Contract manufacturing involves the production of a product by a third-party company. A contract manufacturing company is an organization which contracts with an individual firm for products or components. It's a kind of outsourcing. In other words, a contract manufacturer doing packaging operations is commonly known as a contract packer or copasser. Contract manufacturers sometimes do work similar to the packaging and labeling service. They are sometimes called "fabricators" or "manufacturers" but they aren't required to perform these services.
Contract manufacturing has numerous benefits, especially for companies looking to save on production and labor costs. Contract manufacturers usually have established relationships with suppliers, so they're able to pass on the savings to their customers. This is also the case if they work with companies who outsource production, since they may negotiate for lower rates with providers. Because contracts can be customized to suit the needs of each company involved, they are beneficial to many different types of businesses.
One of the main benefits of contract manufacturing is that the risks are limited to the parties contracting with each other. Since it's a between-and-between arrangement, there aren't any unexpected risks such as damages, defective goods, delays, or events beyond the control of the parties. There are also typically no third-party risks such as payment damages, because everything is between the two companies. With that said, there are some common pitfalls of contract manufacturing that companies should be aware of.
One way that some companies take advantage of a contract manufacturer is to provide them with too much input into how the final product should be built and packaged. When this happens, it often results in a lower quality product, since the contract manufacturer didn't consider all the aspects of the request, and the company didn't take into account the other factors that could affect the end result. If a manufacturer is willing to take on such a big part of the project, and is skilled at it, they should be able to get a great deal done. However, if the company is inexperienced or doesn't have a steady flow of work, it could end up taking too long to complete the job, and might ultimately cost more than anticipated. In addition, inexperienced contractors may also push for features that they don't really need, and could result in them pushing for too much money from the manufacturer.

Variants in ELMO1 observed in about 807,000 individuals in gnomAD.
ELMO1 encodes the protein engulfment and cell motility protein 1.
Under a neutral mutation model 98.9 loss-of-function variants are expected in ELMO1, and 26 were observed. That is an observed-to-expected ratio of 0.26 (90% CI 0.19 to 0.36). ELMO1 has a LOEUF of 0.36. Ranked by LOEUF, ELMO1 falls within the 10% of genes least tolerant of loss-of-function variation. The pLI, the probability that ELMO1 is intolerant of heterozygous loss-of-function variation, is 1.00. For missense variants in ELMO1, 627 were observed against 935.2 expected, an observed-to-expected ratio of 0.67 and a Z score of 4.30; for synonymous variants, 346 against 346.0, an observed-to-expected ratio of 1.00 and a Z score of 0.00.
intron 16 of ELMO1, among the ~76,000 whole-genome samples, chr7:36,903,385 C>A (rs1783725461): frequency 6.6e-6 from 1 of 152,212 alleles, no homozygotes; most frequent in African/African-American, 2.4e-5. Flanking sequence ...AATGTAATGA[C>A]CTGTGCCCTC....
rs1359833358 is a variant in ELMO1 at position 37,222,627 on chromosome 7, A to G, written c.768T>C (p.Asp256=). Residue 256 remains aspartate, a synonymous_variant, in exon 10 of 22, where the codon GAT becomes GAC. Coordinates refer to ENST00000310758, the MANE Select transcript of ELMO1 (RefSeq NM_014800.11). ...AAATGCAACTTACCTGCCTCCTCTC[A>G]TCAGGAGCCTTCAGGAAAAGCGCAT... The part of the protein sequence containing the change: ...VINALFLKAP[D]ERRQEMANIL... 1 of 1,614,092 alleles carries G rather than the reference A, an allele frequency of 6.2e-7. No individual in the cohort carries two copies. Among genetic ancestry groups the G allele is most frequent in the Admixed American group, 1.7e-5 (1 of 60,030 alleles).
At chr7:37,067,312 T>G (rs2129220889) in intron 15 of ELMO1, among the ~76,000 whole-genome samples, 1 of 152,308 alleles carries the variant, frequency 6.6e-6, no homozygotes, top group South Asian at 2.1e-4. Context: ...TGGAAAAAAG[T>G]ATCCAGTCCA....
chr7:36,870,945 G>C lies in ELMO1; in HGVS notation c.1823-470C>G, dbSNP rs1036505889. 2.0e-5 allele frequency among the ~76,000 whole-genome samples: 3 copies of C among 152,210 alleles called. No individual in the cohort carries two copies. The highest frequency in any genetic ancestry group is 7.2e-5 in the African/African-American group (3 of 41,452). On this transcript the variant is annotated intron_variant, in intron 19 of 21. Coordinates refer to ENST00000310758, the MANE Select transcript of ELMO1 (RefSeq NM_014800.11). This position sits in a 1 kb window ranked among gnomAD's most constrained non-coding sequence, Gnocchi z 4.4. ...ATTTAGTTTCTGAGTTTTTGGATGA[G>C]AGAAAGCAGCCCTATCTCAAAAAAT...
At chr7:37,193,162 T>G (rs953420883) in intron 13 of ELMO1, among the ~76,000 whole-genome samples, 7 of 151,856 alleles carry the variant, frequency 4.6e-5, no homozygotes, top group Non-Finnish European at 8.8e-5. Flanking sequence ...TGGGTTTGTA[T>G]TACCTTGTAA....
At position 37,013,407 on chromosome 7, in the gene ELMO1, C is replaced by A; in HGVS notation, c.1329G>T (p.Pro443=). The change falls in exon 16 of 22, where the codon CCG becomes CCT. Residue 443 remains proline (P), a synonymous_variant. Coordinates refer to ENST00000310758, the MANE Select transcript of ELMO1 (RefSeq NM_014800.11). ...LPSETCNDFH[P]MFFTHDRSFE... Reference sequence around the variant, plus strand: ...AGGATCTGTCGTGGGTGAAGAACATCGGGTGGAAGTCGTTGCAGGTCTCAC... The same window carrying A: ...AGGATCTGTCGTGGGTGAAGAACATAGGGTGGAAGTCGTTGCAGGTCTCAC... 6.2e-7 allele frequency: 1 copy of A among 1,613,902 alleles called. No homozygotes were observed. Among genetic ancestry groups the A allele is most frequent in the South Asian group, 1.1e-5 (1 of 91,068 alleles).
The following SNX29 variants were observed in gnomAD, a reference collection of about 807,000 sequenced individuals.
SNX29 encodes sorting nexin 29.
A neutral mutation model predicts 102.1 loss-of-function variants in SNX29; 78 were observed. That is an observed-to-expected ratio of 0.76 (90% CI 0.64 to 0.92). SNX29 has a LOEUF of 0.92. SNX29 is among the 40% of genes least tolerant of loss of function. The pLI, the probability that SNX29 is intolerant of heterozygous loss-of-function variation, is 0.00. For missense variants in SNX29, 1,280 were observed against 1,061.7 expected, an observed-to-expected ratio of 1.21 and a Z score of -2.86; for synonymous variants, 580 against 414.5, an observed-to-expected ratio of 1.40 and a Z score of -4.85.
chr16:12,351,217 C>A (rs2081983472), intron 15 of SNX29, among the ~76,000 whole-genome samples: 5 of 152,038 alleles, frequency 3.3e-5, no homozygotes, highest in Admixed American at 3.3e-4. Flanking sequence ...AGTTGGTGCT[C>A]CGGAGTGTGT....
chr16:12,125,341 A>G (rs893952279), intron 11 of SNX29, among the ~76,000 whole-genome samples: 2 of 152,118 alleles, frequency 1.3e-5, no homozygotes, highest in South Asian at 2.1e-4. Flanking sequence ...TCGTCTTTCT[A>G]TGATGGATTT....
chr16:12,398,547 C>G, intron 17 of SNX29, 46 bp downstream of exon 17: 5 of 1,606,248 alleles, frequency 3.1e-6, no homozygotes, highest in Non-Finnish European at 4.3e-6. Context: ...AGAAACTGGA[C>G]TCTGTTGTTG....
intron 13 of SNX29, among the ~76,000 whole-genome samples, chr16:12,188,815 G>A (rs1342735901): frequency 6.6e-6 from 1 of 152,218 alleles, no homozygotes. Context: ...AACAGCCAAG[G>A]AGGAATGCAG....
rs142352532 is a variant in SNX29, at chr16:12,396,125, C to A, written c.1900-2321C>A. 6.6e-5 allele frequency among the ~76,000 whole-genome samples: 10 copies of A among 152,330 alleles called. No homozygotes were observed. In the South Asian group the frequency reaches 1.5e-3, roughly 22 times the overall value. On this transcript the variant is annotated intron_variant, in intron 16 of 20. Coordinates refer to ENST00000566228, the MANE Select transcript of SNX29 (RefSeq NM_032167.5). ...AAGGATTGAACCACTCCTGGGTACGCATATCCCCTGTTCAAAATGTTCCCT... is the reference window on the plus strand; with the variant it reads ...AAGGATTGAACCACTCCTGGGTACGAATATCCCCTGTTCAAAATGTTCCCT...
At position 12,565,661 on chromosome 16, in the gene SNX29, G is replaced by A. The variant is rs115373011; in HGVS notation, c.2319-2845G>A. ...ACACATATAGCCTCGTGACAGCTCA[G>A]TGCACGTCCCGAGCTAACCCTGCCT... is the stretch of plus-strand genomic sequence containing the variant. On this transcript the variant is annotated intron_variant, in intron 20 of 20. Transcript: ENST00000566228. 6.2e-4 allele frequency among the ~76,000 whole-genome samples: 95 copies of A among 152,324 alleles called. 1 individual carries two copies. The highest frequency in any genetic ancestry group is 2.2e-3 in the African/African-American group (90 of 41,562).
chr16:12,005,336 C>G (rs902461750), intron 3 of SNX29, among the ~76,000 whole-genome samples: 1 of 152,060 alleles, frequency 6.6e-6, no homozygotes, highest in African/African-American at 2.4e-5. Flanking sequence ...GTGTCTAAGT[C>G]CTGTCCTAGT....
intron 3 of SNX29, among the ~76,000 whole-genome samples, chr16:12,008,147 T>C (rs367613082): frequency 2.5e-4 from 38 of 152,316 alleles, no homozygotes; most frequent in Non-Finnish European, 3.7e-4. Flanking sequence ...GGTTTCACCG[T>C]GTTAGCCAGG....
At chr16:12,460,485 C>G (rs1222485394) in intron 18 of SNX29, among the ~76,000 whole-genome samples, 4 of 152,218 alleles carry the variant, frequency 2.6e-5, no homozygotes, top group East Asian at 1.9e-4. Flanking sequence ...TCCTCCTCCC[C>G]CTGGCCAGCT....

Another issue that companies can run into when working with a contract manufacturer is getting the right amount of direct control over the entire production process. Contract manufacturers typically provide a large portion of the materials and the tools necessary to manufacture what you want, but not all of the steps. Because of this, you can use this direct control to your advantage by putting together an elaborate plan that includes the phases of the product, who is going to do what, and the amount of money and resources needed. A large portion of the cost of the product is in the execution of that plan, which can become problematic if you've never done it before.
Turnkey suppliers are also another thing to consider when contracting with a contract manufacturer. If the manufacturer has a large enough network, they should have no problem providing you with the products you need. However, just because they are contracted out, it doesn't mean that they don't have relationships with other firms that could save you time, effort, and money. While contract manufacturers have the ability to take care of most of the details, you could find yourself working with different people on different parts of a project that you are not very familiar with.